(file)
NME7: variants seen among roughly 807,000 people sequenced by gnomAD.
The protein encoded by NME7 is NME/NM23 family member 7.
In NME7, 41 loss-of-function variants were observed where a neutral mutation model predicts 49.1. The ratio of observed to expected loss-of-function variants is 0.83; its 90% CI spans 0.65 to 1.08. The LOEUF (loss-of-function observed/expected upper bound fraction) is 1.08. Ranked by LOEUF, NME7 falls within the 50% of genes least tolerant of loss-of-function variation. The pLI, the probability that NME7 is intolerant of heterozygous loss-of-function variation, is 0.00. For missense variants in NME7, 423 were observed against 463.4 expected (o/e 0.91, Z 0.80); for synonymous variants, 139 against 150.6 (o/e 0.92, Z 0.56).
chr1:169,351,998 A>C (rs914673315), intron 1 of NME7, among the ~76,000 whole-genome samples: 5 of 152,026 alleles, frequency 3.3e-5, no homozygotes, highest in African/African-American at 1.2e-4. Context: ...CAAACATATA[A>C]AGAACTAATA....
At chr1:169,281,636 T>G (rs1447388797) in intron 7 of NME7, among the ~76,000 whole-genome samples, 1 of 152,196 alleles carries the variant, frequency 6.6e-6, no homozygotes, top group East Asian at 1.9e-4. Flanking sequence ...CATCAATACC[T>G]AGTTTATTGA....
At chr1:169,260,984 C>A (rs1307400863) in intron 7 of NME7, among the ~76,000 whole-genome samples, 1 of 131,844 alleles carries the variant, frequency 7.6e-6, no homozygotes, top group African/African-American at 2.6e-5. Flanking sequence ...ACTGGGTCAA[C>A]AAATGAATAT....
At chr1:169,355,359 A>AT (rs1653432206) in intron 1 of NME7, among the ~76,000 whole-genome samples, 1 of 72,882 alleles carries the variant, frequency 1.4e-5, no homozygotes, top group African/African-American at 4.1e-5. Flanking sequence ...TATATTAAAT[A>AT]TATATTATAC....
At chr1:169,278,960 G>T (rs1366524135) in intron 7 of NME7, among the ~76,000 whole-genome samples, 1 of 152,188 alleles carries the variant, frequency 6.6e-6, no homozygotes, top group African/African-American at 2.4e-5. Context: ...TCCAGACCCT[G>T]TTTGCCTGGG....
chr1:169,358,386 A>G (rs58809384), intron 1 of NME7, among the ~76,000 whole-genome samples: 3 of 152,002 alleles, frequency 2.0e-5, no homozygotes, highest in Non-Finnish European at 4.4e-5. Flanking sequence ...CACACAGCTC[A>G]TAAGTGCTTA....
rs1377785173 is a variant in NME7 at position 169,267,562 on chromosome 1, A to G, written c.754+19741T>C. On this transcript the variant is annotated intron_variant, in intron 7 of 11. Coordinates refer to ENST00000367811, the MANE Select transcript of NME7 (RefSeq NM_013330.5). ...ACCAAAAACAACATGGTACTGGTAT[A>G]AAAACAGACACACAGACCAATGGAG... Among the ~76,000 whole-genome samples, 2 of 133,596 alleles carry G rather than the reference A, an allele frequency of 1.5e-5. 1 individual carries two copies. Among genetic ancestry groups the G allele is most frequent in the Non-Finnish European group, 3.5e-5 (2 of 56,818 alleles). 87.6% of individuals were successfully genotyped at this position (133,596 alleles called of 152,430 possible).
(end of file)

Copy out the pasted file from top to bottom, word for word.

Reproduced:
NME7: variants seen among roughly 807,000 people sequenced by gnomAD.
The protein encoded by NME7 is NME/NM23 family member 7.
In NME7, 41 loss-of-function variants were observed where a neutral mutation model predicts 49.1. The ratio of observed to expected loss-of-function variants is 0.83; its 90% CI spans 0.65 to 1.08. The LOEUF (loss-of-function observed/expected upper bound fraction) is 1.08. Ranked by LOEUF, NME7 falls within the 50% of genes least tolerant of loss-of-function variation. The pLI, the probability that NME7 is intolerant of heterozygous loss-of-function variation, is 0.00. For missense variants in NME7, 423 were observed against 463.4 expected (o/e 0.91, Z 0.80); for synonymous variants, 139 against 150.6 (o/e 0.92, Z 0.56).
chr1:169,351,998 A>C (rs914673315), intron 1 of NME7, among the ~76,000 whole-genome samples: 5 of 152,026 alleles, frequency 3.3e-5, no homozygotes, highest in African/African-American at 1.2e-4. Context: ...CAAACATATA[A>C]AGAACTAATA....
At chr1:169,281,636 T>G (rs1447388797) in intron 7 of NME7, among the ~76,000 whole-genome samples, 1 of 152,196 alleles carries the variant, frequency 6.6e-6, no homozygotes, top group East Asian at 1.9e-4. Flanking sequence ...CATCAATACC[T>G]AGTTTATTGA....
At chr1:169,260,984 C>A (rs1307400863) in intron 7 of NME7, among the ~76,000 whole-genome samples, 1 of 131,844 alleles carries the variant, frequency 7.6e-6, no homozygotes, top group African/African-American at 2.6e-5. Flanking sequence ...ACTGGGTCAA[C>A]AAATGAATAT....
At chr1:169,355,359 A>AT (rs1653432206) in intron 1 of NME7, among the ~76,000 whole-genome samples, 1 of 72,882 alleles carries the variant, frequency 1.4e-5, no homozygotes, top group African/African-American at 4.1e-5. Flanking sequence ...TATATTAAAT[A>AT]TATATTATAC....
At chr1:169,278,960 G>T (rs1366524135) in intron 7 of NME7, among the ~76,000 whole-genome samples, 1 of 152,188 alleles carries the variant, frequency 6.6e-6, no homozygotes, top group African/African-American at 2.4e-5. Context: ...TCCAGACCCT[G>T]TTTGCCTGGG....
chr1:169,358,386 A>G (rs58809384), intron 1 of NME7, among the ~76,000 whole-genome samples: 3 of 152,002 alleles, frequency 2.0e-5, no homozygotes, highest in Non-Finnish European at 4.4e-5. Flanking sequence ...CACACAGCTC[A>G]TAAGTGCTTA....
rs1377785173 is a variant in NME7 at position 169,267,562 on chromosome 1, A to G, written c.754+19741T>C. On this transcript the variant is annotated intron_variant, in intron 7 of 11. Coordinates refer to ENST00000367811, the MANE Select transcript of NME7 (RefSeq NM_013330.5). ...ACCAAAAACAACATGGTACTGGTAT[A>G]AAAACAGACACACAGACCAATGGAG... Among the ~76,000 whole-genome samples, 2 of 133,596 alleles carry G rather than the reference A, an allele frequency of 1.5e-5. 1 individual carries two copies. Among genetic ancestry groups the G allele is most frequent in the Non-Finnish European group, 3.5e-5 (2 of 56,818 alleles). 87.6% of individuals were successfully genotyped at this position (133,596 alleles called of 152,430 possible).